Terrorhurtz and BETA would be the go-to bots for Team Hurtz. As of right now, BETA is only 1-0 due to “The Curse” but Terrorhurtz has been the most successful robot in the team’s 18 year history, placing fourth in Robot Wars Series 6, winning the Extreme 2 Challenge Belt Tournament, the 2004 Roaming Robots Winter Tour, and the 2009 Roaming Robots UK Championships making it the second robot since Chaos 2 to retain the UK Title. Terrorhurtz is 9-5 in Robot Wars.
Terrorhurtz is now in a new forward shape but still features the deadly axe. Terrorhurtz has been known for it’s very durable armour, the same that is used on BETA, and it will play a major factor in a heat against many hard hitters such as Carbide and Razer. If the defense can hold up, it will overcome the rest of the heat.
Team: Team General
With veterans of robots like Terrorhurtz and Razer in this heat, our last veteran and competitor is a bit of a wildcard to be considered a true veteran. Despite competing in Series 2 and 3, this is Team General’s first time in the main UK championship.
Back when Robot Wars ran smaller class tournaments for the first time back during Robot Wars Series 2, the Welsh Team known at the time as Team Spartacus was competing in the Robot Wars Series 2 Lightweight Championship with a robot of the same name, using a gripping beak up front.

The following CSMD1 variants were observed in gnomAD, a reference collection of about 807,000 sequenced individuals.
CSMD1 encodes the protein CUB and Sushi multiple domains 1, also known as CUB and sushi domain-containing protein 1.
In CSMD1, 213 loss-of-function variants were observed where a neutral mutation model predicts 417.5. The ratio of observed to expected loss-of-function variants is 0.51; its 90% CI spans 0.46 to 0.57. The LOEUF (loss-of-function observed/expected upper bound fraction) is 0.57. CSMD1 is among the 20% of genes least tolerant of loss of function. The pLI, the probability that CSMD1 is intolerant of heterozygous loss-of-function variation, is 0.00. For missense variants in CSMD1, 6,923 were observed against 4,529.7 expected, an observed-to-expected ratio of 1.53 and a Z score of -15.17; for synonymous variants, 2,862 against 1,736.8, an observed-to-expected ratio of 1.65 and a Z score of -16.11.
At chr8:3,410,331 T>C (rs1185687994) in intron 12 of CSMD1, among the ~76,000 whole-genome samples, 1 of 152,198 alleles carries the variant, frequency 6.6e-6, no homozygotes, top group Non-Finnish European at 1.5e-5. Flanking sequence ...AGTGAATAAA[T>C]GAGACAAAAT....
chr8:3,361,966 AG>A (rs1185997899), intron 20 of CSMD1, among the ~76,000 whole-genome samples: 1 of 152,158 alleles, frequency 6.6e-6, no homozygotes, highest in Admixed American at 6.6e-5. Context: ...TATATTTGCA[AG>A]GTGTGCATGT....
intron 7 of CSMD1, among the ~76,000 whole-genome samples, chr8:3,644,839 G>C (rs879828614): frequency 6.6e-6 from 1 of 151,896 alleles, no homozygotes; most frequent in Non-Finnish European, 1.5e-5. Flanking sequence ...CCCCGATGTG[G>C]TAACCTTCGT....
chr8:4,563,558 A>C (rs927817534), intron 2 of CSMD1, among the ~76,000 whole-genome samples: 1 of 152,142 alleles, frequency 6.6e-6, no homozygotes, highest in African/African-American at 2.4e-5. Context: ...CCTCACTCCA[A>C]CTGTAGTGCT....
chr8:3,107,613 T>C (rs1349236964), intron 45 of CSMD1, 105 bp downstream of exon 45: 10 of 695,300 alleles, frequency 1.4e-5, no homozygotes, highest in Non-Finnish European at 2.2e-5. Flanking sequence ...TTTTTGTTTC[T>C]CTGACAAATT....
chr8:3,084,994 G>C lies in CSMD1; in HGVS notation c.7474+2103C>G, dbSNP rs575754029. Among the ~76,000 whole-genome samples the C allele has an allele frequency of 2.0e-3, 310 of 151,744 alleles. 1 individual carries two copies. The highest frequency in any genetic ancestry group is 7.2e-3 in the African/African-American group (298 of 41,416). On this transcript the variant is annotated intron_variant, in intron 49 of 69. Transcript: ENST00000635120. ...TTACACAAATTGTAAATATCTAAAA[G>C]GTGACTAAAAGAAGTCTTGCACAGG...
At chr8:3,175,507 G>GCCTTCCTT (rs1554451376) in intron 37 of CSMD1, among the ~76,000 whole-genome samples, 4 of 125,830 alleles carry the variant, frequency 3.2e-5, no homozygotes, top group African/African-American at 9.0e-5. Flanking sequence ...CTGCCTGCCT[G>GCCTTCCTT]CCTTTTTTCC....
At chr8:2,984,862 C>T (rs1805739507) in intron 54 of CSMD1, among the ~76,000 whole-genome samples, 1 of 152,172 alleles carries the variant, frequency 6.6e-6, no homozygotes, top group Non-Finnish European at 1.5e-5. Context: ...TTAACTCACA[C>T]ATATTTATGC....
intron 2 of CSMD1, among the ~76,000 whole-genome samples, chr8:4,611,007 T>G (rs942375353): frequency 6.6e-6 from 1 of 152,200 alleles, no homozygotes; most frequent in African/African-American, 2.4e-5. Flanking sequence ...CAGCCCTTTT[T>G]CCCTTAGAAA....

The General team would come back the next year for Robot Wars Series 3 competing with the first version of The General, which was a 4 wheeled plow bot that would exclusively compete in the Robot Wars soccer event. The General would beat Spectre in the first round, going to the Grand Finals against Gnasher, Velocirippa, and the eventual champion, Evil Weevil.
The team also had a Lightweight version of The General called Hazzard to compete in the Series 3 Lightweight Tournament before it was canceled. The General would then try to qualify for Series 4 along with it’s other bot Slicer, but both failed to make it. The team now finally gets its shot in the UK championship.
The main weapon on The General of course is that big flywheel on the front, along with the rammer on the back. The main issue with this design is the fact that its wheels are completely exposed due to their massive size. It’s unknown how good the driving for General will be and we will have to see if it can hold up in its Round 1 fight in a very stacked Heat A.